The big ideas swirling at the center of The Creator are about human heartlessness versus AI compassion, man’s coldness versus robot warmth. Unfortunately, the movie winds up being an unwitting example of the former: visual effects take precedence over emotion here, meaning you rarely feel any of the intended poignancy of this story about a soldier driven between warring sides by love.

Part of that effect might be because the premise is an iffy one to swallow, as The Creator drops during a time when the once-theoretical threats posed by AI start to become disconcertingly real. But mostly, the sterile feeling of the film is a product of the writing, as a shallow script prevents most of the cast from ever making their characters compelling. Though its lifelike effects are something to marvel at, The Creator never quite convinces us that any of its humans are real — a pretty gaping flaw for a movie that wants to sell us on the idea that robots might one day be sentient.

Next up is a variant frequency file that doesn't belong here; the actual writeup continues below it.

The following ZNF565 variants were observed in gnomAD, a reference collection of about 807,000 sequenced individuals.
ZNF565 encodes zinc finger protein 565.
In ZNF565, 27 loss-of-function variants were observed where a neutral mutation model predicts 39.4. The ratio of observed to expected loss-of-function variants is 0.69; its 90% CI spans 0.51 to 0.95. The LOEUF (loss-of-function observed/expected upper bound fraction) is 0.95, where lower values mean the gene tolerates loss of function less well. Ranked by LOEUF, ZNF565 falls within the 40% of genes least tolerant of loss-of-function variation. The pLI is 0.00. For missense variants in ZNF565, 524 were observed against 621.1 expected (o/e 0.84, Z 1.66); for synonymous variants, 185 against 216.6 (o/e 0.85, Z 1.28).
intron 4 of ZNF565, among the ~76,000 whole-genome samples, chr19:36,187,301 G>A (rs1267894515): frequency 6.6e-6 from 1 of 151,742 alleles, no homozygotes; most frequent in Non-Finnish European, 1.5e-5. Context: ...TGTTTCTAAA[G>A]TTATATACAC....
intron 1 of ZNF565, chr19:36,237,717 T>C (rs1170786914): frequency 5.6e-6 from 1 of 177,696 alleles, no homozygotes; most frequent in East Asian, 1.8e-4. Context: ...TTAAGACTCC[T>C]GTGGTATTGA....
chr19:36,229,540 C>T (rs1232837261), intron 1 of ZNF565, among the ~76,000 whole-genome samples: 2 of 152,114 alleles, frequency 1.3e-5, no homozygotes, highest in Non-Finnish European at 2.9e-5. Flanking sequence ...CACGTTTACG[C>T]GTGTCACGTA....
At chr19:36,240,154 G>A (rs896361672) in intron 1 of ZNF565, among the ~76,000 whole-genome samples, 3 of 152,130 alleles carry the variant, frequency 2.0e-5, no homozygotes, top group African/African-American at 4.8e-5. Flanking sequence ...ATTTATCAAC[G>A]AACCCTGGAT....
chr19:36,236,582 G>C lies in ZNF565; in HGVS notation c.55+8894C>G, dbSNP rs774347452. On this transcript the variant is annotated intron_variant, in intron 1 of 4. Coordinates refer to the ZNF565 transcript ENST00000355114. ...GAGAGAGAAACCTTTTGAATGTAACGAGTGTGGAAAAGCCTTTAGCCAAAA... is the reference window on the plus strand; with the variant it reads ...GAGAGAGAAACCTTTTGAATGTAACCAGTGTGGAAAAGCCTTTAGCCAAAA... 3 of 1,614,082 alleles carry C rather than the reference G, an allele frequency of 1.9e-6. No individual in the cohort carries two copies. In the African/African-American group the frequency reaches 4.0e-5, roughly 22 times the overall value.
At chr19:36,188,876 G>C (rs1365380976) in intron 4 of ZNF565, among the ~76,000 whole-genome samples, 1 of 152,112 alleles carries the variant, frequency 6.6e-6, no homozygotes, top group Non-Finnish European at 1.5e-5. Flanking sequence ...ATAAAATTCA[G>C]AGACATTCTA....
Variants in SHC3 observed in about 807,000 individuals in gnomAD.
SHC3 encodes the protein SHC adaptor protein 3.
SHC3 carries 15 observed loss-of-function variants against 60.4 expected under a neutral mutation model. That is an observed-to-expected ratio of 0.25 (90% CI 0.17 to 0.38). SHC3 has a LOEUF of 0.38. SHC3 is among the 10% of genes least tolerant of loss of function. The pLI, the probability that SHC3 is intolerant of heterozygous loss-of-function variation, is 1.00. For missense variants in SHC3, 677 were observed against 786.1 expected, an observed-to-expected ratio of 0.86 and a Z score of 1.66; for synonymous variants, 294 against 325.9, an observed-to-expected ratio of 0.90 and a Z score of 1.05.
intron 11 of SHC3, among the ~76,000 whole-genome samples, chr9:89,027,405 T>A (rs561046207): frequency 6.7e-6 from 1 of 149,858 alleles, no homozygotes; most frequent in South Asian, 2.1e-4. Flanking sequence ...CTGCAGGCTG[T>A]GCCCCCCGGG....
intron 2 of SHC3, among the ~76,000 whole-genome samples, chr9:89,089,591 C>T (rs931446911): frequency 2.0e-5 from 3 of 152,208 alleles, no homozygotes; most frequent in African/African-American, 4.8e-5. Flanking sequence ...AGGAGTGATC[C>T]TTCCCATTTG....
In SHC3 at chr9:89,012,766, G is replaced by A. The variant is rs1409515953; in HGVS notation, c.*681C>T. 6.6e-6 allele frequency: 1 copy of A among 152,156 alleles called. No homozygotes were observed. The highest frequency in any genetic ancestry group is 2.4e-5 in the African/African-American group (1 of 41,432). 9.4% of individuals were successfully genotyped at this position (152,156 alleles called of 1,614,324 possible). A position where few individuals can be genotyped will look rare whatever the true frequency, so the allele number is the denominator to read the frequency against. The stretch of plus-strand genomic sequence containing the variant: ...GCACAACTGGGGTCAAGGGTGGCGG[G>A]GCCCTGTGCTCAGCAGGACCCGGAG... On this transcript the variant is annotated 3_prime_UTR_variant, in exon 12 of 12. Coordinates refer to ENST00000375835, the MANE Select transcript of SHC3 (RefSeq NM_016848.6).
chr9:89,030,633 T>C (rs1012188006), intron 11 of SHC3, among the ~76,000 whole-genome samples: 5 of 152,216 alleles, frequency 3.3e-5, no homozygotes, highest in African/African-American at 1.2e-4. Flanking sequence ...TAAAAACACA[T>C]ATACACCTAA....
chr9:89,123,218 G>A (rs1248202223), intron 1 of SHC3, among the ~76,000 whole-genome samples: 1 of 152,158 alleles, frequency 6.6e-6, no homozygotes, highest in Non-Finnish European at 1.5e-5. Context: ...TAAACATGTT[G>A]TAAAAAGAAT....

Genre: Action, Adventure, Drama, Science Fiction

Actor: Allison Janney, Amar Chadha-Patel, Anjana Ghogar, Brett Bartholomew, Brett Parks, Chananticha Chaipa, Charlie McElveen, Dana Blouin, Eoin O'Brien, Gemma Chan, Ian Verdun, Jeb Kreager, John David Washington, Karen Aldridge, Ken Watanabe, Leanna Chea, Mackenzie Lansing, Madeleine Yuna Voyles, Marc Menchaca, Mariam Khummaung, Mav Kang, Michael Esper, Monthatip Suksopha, Natthaphong Chaiyawong, Niko Rusakov, Pat Skelton, Pongsanart Vinsiri, Rad Pereira, Ralph Ineson, Robbie Tann, Sahatchai Chumrum, Sawanee Utoomma, Scott Thomas, Sturgill Simpson, Syd Skidmore, Teerawat Mulvilai, Veronica Ngo

Director: Gareth Edwards

Rating: PG-13

Horror likes to take a human fear and personify it. It's a winning move, materializing our worst nightmares, but what does a woman's self-doubt look like? In this case, extremely ugly and somewhat laughable, but surely not scary. The special effects team dropped the ball on this one, and the appendage's physical presence is more distracting than anything. Its concept and its aura, though, go a long way, and there are a few admirable twists and turns that make a curious point about female psychology and social expectations. Their interdependency then translates into the film's sparse backstory, tracing a journey of trauma that's surprisingly relatable. Interestingly enough, director Anna Zlokovic made a short of the same name in 2021 which teased the idea of a monster sucking your confidence in secret, but her latest feature film lacks that punch.